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Insight paper

Constitutional change in Northern Ireland

This guest paper explores the constitutional history of Northern Ireland, and the challenges it faces today.

Lisa Claire Whitten
Stormont House
The Parliament Buildings on the Stormont Estate in Belfast, home to the Northern Ireland executive and assembly.

In Northern Ireland, mention of constitutional change normally means just one thing: United Kingdom versus United Ireland. The ‘constitutional question’ that this juxtaposition connotes – whether or not a majority of the people in Northern Ireland will ever opt to leave the UK in favour of (re)joining Ireland – is not, however, the focus of this paper.

While not seeking to discount or relegate the potential for constitutional change in Northern Ireland that would arise from a future ‘border poll’ referendum, the premise of this report – by guest author and Queen's University Belfast research fellow, Lisa Whitten, as part of the Institute for Government–Bennett Institute Review of the UK Constitution – is that it is not the only kind of constitutional change that is possible in or important for Northern Ireland.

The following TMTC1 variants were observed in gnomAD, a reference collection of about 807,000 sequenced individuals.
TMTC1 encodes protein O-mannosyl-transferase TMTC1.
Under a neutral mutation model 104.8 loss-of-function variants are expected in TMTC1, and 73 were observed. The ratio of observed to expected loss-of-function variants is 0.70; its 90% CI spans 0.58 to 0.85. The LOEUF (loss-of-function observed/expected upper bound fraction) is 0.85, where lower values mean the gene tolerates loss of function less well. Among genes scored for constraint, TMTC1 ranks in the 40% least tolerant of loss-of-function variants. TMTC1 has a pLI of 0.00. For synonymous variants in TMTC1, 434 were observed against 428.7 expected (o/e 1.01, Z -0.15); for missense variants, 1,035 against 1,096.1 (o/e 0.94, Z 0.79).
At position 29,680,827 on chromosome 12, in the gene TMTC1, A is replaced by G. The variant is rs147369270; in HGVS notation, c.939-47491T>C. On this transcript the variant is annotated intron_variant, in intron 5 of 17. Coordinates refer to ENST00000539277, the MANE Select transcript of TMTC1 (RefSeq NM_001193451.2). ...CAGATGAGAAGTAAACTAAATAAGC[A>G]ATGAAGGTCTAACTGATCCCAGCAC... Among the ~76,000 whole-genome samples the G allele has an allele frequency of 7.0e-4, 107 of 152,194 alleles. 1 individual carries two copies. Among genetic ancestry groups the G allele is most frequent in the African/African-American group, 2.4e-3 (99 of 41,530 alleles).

To this end, this paper has three aims:

  1. to give a concise account of the constitutional history and particularities of Northern Ireland in the wider UK constitutional context
  2. to explore the most pressing governance challenges in Northern Ireland today that arise, directly and indirectly, from its unique constitutional arrangements
  3. to consider how those challenges could be mitigated and/or resolved through constitutional reforms that are short of, and without prejudice to, the possibility of that constitutional question being brought to the fore in a future border poll.

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